Finally, the Act directs the Secretary of Health and Human Services (“HHS”) to “consider ways to encourage the use of telecommunications systems, including for remote patient monitoring.” Much like the hospice face-to-face telehealth language, this is not an express statutory directive expanding telehealth to home health. Rather, this is a directive to HHS to consider a broader use during the COVID-19 emergency. As the industry has reached out to CMS seeking waivers to allow broader use of telehealth for home health and hospice visits, CMS has expressed a concern that it lacked the authority to expand telehealth under its Section 1135 Waiver authority. This section of the Act appears to give HHS clear authority to consider telecommunications options, but only during the COVID-19 emergency.

Although it expressly directs HHS to consider ways to encourage the use of telecommunications, it does not rescind, or temporarily suspend the statutory prohibition on home health visits occurring by telehealth. This may limit what CMS concludes it has authority to waive, but it is a clear direction to CMS to consider technology as a means to address some of the issues the industry will face, and already is facing. Providers should continue to seek waivers under Section 1135 related to telehealth and using of telecommunications to reduce visits and patient contact during this crisis. Every visit you can perform by phone or video conference is one less chance to expose your patients and your staff to COVID-19. Even if CMS determines to not fully extend telehealth to home health, this provision is clear guidance to CMS from Congress to expand the industry’s ability to use technology to care for patients during the crisis.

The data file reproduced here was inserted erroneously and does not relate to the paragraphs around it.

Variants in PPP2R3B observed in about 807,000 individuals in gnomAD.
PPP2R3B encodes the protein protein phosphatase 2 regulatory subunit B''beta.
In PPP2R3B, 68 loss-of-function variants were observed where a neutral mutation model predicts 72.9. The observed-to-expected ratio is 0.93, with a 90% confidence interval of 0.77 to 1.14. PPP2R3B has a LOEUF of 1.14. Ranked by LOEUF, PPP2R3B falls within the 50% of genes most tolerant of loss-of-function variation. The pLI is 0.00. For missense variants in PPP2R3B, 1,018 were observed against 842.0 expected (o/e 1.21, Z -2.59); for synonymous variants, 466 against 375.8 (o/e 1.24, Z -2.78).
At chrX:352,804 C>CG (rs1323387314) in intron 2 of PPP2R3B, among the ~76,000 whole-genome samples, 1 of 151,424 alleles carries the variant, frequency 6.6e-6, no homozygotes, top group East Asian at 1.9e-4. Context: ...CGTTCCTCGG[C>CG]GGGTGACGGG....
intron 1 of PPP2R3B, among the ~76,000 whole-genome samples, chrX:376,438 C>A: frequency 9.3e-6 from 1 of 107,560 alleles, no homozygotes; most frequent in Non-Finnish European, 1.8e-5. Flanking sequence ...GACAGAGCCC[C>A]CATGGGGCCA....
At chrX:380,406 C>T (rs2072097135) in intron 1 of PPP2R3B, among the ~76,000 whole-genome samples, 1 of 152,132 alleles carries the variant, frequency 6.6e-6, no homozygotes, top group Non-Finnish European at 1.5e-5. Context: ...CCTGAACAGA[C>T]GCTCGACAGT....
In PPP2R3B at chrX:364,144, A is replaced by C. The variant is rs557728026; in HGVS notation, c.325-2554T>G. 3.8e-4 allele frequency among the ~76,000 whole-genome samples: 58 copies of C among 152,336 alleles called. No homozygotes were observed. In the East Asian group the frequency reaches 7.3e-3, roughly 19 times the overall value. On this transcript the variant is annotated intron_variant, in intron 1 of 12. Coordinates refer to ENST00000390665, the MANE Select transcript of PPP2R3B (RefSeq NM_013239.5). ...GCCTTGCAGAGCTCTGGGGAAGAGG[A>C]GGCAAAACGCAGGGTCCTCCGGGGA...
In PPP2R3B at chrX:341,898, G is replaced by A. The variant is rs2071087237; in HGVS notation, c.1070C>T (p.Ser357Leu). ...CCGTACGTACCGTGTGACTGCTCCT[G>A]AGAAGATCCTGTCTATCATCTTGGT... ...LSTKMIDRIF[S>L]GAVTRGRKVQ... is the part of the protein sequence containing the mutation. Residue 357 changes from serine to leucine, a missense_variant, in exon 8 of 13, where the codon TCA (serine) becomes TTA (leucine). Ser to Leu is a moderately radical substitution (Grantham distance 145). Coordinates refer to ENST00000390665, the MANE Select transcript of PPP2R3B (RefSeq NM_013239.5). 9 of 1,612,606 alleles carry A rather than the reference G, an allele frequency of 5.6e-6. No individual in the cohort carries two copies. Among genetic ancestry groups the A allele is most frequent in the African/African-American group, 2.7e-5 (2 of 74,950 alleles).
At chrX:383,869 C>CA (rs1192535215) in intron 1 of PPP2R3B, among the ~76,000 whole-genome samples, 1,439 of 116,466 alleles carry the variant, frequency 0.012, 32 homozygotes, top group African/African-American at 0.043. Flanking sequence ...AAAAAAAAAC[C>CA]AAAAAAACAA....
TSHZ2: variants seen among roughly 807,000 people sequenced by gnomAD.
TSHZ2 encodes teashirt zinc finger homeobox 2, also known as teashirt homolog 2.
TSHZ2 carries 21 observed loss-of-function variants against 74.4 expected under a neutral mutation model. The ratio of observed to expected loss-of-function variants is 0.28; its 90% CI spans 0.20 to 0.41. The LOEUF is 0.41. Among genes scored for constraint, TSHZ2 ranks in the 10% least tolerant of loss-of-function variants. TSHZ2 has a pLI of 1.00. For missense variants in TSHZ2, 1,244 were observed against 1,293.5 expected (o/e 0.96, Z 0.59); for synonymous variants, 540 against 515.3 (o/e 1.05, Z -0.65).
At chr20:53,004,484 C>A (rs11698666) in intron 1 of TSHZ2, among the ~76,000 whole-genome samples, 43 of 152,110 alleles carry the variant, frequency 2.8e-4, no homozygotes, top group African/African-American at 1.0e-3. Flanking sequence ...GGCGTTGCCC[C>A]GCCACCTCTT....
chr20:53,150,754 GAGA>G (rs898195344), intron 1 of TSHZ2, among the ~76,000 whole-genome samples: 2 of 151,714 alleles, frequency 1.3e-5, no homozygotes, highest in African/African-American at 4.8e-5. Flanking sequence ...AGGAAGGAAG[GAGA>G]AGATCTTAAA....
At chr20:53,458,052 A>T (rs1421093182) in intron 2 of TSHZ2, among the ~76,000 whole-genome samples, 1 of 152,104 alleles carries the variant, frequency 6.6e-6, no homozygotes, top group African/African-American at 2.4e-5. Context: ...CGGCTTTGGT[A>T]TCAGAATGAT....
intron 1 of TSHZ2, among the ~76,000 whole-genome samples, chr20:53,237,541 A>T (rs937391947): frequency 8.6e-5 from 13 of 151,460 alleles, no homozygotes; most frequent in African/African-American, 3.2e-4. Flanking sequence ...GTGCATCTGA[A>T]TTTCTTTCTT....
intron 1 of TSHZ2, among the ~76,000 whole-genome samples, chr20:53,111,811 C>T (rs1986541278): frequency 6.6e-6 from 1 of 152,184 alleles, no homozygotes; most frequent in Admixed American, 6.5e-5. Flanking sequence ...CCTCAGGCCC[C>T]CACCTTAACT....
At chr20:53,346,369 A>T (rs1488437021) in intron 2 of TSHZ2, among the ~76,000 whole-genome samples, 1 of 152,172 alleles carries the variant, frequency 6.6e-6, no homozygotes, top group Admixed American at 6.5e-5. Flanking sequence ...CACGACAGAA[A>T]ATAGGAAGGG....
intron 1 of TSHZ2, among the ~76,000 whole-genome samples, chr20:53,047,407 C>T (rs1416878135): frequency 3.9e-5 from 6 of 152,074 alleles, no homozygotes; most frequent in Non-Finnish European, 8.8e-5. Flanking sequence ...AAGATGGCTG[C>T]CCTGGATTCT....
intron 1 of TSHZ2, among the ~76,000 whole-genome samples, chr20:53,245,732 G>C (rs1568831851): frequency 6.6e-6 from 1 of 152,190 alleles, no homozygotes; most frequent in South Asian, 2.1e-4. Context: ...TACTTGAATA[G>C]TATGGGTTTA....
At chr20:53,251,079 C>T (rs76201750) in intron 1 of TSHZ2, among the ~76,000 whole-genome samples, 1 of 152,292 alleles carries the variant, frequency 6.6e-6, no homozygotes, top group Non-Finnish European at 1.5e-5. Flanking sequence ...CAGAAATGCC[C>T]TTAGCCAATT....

Practical Takeaways

  • This is a major change that will be of significant importance not only during the current national emergency, but going forward. This will make it easier for agencies to obtain plans of care, orders and face-to-face documentation, because an increasing percentage of agency patients are cared for by non-physician practitioners.
  • Providers should continue to seek waivers under Section 1135 related to telehealth and using of telecommunications to reduce visits and patient contact during this crisis.